To achieve this require real leadership. Leaders who are courageous enough to act as ‘champions’ of the vision and who are prepared to provide the necessary support, and sometimes pressure, to ensure action are aligned behind what has been agreed to. This is the moral dimension of leadership – holding people accountable to achieve what has been agreed to no matter how painful.

The only meaningful way to develop a vision owned by all is to develop a process that involves everyone in developing their ideal school – a school of their combined dreams. Such a process should develop their school not as it is but what it could become. It must reflect the ‘best’ thinking, beliefs, and ideals of the entire community. Every body must feel empowered. This is not to say it will all be happiness and light – tension between the vision and the reality are the source for creativity and professional development but if the vision is powerful enough it will provide the rational for all decision making.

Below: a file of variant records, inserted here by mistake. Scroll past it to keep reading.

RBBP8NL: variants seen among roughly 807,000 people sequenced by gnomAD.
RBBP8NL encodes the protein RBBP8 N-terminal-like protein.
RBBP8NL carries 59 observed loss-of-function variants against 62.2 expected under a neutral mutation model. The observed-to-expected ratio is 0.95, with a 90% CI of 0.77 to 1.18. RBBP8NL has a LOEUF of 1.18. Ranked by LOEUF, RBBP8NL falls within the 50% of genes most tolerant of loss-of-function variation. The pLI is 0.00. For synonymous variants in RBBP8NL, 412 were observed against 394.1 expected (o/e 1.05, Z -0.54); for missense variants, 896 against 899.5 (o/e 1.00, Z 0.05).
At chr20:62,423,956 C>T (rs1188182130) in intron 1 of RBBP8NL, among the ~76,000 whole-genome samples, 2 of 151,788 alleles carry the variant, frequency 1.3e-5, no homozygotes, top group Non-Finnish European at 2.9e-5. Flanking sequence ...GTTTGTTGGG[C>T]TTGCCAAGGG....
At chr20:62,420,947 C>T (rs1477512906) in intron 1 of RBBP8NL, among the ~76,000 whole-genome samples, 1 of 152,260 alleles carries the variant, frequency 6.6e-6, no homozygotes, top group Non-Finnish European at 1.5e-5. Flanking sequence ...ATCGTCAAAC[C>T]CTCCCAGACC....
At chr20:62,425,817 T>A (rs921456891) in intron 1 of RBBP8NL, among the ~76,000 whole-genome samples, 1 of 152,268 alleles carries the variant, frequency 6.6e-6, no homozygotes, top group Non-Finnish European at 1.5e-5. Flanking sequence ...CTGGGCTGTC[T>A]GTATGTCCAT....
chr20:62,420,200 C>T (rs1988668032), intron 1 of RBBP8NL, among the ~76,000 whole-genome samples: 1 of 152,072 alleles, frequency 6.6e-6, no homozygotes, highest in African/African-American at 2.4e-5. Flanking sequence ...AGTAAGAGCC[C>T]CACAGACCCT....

A vision is an image of a desired future – a picture of the future you seek to create. It shows where you want to go and what it will be like when you get there. It is worth describing your ideal school as if it already exists – whatever, the pull of the future must be strong enough to overcome the inertia of the ‘status quo’. It must be worth the risk of letting go of past practices and thinking.